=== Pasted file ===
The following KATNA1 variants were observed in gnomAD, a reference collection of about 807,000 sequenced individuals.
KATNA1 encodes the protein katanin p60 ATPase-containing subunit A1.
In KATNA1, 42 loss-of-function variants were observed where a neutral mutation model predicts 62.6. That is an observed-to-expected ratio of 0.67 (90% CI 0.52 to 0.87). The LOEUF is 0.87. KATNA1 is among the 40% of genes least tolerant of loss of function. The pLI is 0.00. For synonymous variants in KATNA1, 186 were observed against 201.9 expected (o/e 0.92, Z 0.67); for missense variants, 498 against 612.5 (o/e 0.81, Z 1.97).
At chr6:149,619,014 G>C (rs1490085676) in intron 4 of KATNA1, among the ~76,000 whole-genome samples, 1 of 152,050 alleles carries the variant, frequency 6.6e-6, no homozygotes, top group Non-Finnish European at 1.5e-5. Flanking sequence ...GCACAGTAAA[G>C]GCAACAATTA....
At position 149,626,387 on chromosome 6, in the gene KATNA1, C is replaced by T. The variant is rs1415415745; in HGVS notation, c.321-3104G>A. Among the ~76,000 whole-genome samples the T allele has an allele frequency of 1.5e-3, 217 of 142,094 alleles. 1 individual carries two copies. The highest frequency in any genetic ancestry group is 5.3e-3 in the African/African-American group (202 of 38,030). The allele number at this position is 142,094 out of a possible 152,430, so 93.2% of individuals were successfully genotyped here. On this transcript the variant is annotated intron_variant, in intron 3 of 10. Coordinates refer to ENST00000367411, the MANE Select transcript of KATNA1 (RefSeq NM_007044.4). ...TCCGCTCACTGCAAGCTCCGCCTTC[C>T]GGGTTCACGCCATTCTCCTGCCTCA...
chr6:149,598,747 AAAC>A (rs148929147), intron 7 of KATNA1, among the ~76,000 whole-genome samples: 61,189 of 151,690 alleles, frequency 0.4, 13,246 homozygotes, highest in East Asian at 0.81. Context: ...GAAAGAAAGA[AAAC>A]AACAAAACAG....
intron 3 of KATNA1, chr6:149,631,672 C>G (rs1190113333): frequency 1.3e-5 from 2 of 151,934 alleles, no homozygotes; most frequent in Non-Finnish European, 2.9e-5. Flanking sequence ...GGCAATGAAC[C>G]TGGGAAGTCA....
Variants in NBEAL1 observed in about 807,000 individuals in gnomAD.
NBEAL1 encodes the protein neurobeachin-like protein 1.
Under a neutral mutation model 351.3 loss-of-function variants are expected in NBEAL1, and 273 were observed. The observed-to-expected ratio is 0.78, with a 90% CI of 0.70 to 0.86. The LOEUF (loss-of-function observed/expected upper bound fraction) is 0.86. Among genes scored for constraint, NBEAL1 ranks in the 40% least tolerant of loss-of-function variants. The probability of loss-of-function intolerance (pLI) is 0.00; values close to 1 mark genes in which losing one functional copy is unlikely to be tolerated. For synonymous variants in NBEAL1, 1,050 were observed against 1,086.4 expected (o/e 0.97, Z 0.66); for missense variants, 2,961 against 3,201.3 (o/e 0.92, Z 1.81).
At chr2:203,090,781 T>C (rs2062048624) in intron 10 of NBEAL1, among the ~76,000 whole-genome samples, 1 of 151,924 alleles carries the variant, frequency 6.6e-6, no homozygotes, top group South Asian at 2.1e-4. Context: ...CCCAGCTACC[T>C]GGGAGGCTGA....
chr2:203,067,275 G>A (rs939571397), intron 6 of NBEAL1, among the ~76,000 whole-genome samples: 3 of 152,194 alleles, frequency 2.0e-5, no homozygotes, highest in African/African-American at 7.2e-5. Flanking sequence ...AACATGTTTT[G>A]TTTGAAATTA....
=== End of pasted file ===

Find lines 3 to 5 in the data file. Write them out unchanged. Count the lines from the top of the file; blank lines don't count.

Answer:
In KATNA1, 42 loss-of-function variants were observed where a neutral mutation model predicts 62.6. That is an observed-to-expected ratio of 0.67 (90% CI 0.52 to 0.87). The LOEUF is 0.87. KATNA1 is among the 40% of genes least tolerant of loss of function. The pLI is 0.00. For synonymous variants in KATNA1, 186 were observed against 201.9 expected (o/e 0.92, Z 0.67); for missense variants, 498 against 612.5 (o/e 0.81, Z 1.97).
At chr6:149,619,014 G>C (rs1490085676) in intron 4 of KATNA1, among the ~76,000 whole-genome samples, 1 of 152,050 alleles carries the variant, frequency 6.6e-6, no homozygotes, top group Non-Finnish European at 1.5e-5. Flanking sequence ...GCACAGTAAA[G>C]GCAACAATTA....
At position 149,626,387 on chromosome 6, in the gene KATNA1, C is replaced by T. The variant is rs1415415745; in HGVS notation, c.321-3104G>A. Among the ~76,000 whole-genome samples the T allele has an allele frequency of 1.5e-3, 217 of 142,094 alleles. 1 individual carries two copies. The highest frequency in any genetic ancestry group is 5.3e-3 in the African/African-American group (202 of 38,030). The allele number at this position is 142,094 out of a possible 152,430, so 93.2% of individuals were successfully genotyped here. On this transcript the variant is annotated intron_variant, in intron 3 of 10. Coordinates refer to ENST00000367411, the MANE Select transcript of KATNA1 (RefSeq NM_007044.4). ...TCCGCTCACTGCAAGCTCCGCCTTC[C>T]GGGTTCACGCCATTCTCCTGCCTCA...